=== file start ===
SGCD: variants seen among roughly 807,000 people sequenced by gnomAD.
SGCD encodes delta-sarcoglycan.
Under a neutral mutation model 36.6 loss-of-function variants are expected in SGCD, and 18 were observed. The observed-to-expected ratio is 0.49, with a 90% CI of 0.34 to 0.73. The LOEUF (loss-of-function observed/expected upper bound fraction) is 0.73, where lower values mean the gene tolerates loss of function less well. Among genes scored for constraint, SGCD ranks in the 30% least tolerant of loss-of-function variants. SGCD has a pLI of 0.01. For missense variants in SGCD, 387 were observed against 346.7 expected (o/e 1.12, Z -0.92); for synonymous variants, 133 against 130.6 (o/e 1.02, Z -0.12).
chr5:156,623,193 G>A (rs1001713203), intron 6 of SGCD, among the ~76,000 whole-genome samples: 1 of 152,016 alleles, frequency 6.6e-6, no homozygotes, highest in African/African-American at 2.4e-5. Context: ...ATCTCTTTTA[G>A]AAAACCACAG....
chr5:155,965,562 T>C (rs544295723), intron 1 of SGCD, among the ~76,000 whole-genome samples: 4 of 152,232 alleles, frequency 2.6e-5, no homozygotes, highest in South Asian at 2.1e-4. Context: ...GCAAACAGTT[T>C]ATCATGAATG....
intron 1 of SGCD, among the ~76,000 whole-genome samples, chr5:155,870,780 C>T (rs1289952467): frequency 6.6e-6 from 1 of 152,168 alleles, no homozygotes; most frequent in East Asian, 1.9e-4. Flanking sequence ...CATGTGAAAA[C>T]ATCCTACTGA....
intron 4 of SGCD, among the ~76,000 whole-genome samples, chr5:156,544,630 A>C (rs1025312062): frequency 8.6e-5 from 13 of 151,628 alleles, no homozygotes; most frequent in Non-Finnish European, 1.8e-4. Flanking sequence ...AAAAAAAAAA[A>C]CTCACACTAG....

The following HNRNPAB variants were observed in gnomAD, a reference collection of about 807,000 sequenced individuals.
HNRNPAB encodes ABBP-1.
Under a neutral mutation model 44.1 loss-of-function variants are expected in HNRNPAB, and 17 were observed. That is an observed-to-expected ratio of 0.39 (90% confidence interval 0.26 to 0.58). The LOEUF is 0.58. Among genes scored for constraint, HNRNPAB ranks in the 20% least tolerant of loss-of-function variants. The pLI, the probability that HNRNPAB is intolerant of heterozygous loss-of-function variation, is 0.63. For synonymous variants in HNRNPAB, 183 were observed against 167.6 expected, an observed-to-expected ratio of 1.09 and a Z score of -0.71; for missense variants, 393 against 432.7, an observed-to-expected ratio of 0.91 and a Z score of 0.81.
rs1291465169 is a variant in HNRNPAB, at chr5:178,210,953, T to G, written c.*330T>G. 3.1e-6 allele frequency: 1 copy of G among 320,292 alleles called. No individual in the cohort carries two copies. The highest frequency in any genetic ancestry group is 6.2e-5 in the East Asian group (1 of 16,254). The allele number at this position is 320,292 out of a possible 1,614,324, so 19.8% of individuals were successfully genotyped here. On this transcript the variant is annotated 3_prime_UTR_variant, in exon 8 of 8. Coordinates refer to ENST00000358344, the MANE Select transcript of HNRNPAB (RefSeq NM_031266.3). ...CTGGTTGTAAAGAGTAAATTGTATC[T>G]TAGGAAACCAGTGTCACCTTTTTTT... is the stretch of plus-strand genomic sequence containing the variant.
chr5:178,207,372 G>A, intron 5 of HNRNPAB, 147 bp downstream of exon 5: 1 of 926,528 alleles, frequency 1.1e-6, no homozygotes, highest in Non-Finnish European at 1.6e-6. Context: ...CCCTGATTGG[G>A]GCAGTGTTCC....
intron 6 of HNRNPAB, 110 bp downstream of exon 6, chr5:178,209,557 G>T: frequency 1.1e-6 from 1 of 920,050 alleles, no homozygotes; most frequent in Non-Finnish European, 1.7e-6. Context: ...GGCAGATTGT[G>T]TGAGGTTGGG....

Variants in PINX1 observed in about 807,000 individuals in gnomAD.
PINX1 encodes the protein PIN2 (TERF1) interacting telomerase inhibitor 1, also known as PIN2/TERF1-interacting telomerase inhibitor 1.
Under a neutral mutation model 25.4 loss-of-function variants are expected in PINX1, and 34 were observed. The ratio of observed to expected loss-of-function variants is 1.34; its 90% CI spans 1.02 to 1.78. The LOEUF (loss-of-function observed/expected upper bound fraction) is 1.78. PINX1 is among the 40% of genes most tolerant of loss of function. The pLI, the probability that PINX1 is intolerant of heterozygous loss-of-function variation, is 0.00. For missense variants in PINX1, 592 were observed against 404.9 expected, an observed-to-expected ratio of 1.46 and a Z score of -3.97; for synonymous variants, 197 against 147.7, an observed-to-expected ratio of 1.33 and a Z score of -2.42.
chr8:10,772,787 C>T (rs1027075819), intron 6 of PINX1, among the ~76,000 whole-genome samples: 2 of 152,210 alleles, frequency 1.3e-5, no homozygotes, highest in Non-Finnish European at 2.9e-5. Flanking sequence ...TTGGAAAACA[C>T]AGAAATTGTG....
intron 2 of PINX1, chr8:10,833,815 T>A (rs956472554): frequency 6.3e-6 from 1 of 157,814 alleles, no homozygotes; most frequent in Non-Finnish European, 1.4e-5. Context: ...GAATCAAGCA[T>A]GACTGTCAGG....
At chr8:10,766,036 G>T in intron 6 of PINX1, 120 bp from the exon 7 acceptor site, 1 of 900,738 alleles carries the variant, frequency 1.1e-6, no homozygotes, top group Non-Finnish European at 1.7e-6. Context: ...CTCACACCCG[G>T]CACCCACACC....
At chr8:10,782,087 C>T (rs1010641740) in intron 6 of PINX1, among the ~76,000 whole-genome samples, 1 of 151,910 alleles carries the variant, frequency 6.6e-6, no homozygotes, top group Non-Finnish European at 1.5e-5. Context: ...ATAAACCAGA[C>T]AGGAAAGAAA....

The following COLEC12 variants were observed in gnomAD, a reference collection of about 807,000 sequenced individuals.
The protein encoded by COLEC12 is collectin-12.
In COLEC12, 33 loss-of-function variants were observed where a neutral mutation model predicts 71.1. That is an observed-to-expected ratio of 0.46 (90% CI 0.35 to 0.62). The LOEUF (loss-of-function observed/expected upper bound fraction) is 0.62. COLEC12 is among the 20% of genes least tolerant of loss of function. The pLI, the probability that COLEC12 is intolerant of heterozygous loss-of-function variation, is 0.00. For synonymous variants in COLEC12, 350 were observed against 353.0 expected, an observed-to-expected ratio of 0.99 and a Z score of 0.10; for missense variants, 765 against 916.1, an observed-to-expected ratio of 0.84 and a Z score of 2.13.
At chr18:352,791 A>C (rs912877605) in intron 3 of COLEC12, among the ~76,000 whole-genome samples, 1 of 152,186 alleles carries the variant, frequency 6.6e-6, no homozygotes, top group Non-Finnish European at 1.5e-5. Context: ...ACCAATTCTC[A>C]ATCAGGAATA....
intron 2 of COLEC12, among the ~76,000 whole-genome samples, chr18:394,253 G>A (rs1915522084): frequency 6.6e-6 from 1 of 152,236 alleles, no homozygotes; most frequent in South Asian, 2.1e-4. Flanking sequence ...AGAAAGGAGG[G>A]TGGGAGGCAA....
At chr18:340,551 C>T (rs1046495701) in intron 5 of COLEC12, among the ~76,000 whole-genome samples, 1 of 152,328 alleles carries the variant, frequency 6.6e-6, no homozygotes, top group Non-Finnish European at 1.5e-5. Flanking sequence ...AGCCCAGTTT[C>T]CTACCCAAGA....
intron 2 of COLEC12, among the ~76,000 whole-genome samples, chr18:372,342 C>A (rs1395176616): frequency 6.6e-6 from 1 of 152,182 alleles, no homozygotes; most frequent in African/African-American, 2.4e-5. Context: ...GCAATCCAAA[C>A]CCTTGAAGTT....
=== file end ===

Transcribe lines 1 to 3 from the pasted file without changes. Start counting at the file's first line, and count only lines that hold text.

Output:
SGCD: variants seen among roughly 807,000 people sequenced by gnomAD.
SGCD encodes delta-sarcoglycan.
Under a neutral mutation model 36.6 loss-of-function variants are expected in SGCD, and 18 were observed. The observed-to-expected ratio is 0.49, with a 90% CI of 0.34 to 0.73. The LOEUF (loss-of-function observed/expected upper bound fraction) is 0.73, where lower values mean the gene tolerates loss of function less well. Among genes scored for constraint, SGCD ranks in the 30% least tolerant of loss-of-function variants. SGCD has a pLI of 0.01. For missense variants in SGCD, 387 were observed against 346.7 expected (o/e 1.12, Z -0.92); for synonymous variants, 133 against 130.6 (o/e 1.02, Z -0.12).